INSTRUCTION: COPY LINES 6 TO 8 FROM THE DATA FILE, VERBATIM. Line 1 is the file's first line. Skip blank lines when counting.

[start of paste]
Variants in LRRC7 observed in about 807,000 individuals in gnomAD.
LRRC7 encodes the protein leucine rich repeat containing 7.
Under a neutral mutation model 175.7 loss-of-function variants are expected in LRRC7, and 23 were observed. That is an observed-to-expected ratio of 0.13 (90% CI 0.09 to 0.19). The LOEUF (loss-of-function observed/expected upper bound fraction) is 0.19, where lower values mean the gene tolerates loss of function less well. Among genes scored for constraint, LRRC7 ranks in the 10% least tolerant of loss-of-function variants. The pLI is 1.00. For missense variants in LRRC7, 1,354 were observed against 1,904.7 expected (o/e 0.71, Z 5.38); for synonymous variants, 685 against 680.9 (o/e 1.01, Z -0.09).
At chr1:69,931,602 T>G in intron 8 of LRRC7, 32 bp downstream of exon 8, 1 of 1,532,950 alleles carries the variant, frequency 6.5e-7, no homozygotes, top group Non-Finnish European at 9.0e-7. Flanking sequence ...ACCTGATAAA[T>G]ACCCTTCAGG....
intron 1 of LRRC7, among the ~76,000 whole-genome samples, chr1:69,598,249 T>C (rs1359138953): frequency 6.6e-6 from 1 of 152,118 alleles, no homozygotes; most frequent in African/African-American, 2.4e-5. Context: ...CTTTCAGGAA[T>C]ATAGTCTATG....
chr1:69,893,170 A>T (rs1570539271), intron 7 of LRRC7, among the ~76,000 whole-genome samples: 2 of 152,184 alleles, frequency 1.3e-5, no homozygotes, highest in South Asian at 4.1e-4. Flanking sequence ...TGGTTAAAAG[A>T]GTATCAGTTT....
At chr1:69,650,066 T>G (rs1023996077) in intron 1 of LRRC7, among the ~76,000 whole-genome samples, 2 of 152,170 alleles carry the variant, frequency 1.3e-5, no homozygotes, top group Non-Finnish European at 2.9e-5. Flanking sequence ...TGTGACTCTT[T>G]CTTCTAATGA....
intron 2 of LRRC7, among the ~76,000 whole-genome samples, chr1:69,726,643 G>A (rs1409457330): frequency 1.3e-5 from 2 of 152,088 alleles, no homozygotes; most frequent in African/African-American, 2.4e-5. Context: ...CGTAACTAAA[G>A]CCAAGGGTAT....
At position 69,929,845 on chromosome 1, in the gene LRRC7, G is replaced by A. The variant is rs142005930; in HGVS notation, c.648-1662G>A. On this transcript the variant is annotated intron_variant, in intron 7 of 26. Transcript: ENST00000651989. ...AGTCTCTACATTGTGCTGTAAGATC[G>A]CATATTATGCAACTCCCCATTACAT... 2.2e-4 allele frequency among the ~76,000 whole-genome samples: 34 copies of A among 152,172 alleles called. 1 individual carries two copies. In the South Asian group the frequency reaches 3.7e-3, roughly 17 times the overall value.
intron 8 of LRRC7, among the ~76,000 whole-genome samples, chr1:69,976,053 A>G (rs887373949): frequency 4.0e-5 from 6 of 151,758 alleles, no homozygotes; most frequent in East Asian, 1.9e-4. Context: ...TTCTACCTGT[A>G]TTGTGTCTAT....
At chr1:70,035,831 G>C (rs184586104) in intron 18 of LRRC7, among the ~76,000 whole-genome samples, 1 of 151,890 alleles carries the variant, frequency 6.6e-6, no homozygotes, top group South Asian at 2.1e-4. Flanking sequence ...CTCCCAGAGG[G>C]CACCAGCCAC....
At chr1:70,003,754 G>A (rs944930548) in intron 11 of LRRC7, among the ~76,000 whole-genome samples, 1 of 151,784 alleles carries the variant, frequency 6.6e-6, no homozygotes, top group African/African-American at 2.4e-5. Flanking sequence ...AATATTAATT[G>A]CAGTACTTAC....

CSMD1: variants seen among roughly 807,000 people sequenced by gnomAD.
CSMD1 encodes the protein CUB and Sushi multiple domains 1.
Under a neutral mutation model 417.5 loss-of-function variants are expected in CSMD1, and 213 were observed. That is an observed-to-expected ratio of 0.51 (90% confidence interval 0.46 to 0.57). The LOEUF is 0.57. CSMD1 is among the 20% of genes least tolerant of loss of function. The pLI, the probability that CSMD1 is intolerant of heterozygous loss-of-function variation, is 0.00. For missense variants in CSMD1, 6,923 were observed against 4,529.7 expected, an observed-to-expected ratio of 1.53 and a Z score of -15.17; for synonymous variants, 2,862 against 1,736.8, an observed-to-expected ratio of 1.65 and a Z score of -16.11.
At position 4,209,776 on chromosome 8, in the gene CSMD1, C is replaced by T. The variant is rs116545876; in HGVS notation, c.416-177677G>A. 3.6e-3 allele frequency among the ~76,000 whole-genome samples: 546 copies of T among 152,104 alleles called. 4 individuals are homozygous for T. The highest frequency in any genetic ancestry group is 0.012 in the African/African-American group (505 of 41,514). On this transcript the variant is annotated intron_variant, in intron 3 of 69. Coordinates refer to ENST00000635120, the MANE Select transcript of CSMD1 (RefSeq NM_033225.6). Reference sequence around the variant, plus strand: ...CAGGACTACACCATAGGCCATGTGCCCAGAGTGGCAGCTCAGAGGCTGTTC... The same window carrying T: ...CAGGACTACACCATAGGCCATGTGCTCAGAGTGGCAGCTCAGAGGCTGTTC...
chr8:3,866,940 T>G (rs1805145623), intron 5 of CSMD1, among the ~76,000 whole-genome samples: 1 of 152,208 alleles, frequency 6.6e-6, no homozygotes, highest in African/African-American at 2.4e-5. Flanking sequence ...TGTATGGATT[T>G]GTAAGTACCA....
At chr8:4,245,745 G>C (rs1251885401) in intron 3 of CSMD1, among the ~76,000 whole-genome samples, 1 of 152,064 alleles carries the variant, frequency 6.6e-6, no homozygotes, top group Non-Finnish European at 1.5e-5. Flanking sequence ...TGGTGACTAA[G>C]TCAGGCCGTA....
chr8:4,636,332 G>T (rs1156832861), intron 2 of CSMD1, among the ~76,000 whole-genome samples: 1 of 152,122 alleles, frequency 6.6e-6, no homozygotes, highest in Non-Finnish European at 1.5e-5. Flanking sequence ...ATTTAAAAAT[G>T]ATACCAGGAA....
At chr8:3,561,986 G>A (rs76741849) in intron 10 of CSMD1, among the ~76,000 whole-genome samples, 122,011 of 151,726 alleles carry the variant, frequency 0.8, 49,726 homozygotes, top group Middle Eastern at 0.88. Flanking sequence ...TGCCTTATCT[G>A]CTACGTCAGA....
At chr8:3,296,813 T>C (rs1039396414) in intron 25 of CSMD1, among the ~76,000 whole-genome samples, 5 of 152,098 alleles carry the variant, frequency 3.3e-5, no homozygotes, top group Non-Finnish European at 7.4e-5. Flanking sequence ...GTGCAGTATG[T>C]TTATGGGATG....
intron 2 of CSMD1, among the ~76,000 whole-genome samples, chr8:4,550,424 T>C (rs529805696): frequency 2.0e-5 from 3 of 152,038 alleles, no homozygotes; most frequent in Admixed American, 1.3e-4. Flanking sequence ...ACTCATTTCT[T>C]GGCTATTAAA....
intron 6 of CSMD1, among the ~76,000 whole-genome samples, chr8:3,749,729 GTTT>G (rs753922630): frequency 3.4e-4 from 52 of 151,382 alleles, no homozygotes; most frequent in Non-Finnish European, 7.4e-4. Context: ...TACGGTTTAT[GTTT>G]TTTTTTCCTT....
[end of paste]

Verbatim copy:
chr1:69,893,170 A>T (rs1570539271), intron 7 of LRRC7, among the ~76,000 whole-genome samples: 2 of 152,184 alleles, frequency 1.3e-5, no homozygotes, highest in South Asian at 4.1e-4. Flanking sequence ...TGGTTAAAAG[A>T]GTATCAGTTT....
At chr1:69,650,066 T>G (rs1023996077) in intron 1 of LRRC7, among the ~76,000 whole-genome samples, 2 of 152,170 alleles carry the variant, frequency 1.3e-5, no homozygotes, top group Non-Finnish European at 2.9e-5. Flanking sequence ...TGTGACTCTT[T>G]CTTCTAATGA....
intron 2 of LRRC7, among the ~76,000 whole-genome samples, chr1:69,726,643 G>A (rs1409457330): frequency 1.3e-5 from 2 of 152,088 alleles, no homozygotes; most frequent in African/African-American, 2.4e-5. Context: ...CGTAACTAAA[G>A]CCAAGGGTAT....